Given the sanguine, hopeful grooves of The Deep Field—particular on tracks like “Human Condition”, where Wasser sings that “Being a human being / It makes me cry / oh why / ‘cause I feel the bliss / And I won’t resist it anymore / not anymore” – it’s nice to imagine that this record serves as a kind of barometer of where her head is at these days. “The record was definitely informed by making it through that difficult period of my life and feeling like I was ready to be out of mourning and feeling so dark,” she explains. “My songs will always have an undercurrent of darkness because, you know, that’s life. Life is hard. But these songs feel like there’s more blood moving through my body. It’s that feeling you have just before you start running or something, it’s that impetus to move – like something good is about to happen. I was in a really good place and really happy when I made these songs and I think that shows.”
“The past year has been so kind to me,” she says, “I got to travel to Africa with Damon Albarn and a bunch of other musicians, which was life-changing. I just got off tour with Lou Reed, where I was both his opening act and a member of his band. When he played Walk on the Wild Side I got to be the person singing the ‘doo doo doo doo doos’ in the background, which was basically the highlight of my life.”As for what happens next, Wasser is unsure. One thing that seems certain is that she’ll be touring, something that she has been doing in some way, shape, or form for the past 22 years. “I always have a suitcase open – either unpacking or packing – which can be a little tough,” she says.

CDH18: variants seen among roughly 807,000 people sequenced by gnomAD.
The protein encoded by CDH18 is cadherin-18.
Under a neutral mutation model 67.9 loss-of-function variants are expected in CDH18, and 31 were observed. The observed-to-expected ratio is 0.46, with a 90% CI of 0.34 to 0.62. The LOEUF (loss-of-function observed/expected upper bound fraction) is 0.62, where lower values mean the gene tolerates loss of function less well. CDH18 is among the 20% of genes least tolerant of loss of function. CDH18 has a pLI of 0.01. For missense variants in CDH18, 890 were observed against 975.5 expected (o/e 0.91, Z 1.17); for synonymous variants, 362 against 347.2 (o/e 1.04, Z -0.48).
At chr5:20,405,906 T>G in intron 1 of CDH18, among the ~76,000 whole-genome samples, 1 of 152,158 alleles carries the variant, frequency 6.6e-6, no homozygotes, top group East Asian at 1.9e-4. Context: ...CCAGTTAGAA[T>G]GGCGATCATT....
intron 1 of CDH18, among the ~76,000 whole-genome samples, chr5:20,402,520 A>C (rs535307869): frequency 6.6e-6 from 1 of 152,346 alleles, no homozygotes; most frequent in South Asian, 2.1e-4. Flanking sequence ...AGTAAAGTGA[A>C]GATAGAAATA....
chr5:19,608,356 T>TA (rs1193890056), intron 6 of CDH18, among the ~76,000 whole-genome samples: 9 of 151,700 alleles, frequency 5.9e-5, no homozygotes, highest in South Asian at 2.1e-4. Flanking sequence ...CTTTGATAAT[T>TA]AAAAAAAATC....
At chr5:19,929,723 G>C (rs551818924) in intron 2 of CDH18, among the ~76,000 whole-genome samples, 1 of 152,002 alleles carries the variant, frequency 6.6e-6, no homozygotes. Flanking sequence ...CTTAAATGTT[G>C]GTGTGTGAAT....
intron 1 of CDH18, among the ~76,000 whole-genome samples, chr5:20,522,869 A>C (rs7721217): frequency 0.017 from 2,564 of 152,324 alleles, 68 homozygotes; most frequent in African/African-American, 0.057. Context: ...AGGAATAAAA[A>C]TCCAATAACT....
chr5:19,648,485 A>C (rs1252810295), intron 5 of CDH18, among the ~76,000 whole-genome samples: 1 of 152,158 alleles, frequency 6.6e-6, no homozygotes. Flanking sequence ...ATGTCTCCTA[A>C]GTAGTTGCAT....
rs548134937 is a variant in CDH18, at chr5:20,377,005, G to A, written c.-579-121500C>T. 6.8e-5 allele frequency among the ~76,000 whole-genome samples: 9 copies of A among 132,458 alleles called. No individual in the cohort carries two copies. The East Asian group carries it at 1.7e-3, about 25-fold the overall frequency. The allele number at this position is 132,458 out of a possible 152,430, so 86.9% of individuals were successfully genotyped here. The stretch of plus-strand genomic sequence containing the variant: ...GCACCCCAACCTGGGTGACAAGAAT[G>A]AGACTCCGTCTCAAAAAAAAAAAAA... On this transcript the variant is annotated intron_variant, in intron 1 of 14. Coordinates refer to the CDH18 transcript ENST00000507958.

“I love being home in New York City. All of my closest friends are here, so it’s always a race to try and see them all before I leave again. I also happen to like having a routine, which is one of the good things about touring. When I’m home it’s tough, as soon as I get a routine going and I start to feel settled, it’s time to leave again. The two constants in my life are playing shows and writing songs. As a songwriter, there are always more songs to write. It’s always happening, so no matter what else is happening, I can always jump back into that.”Unlike so many artists who can’t seem to hide their neurosis and anxieties about the way they are perceived or who appear to suffer from a constant, abject fear about their career trajectories and album sales, Joan Wasser is remarkably Zen. When pressed about what she’d like to see happen next, she pauses and thinks for a while before answering.
“The fact that people have paid attention to these records lets me know that someone out there feels like me, which is a kind of validation that I think everyone wants… even if you don’t always realise that you want it.”
“You know, I don’t think about that stuff. Any attempt at hypothesising about what might happen just seems to do me and the rest of the world an injustice. For example, I would have never imagined myself singing with Lou Reed… and then it happened. Mostly, I always want to try to make a better record and write better songs. I want to write songs that penetrate to a deeper, further place. But the fact that I am able to make music and go on tour… I mean, I honestly could not want for anything else.”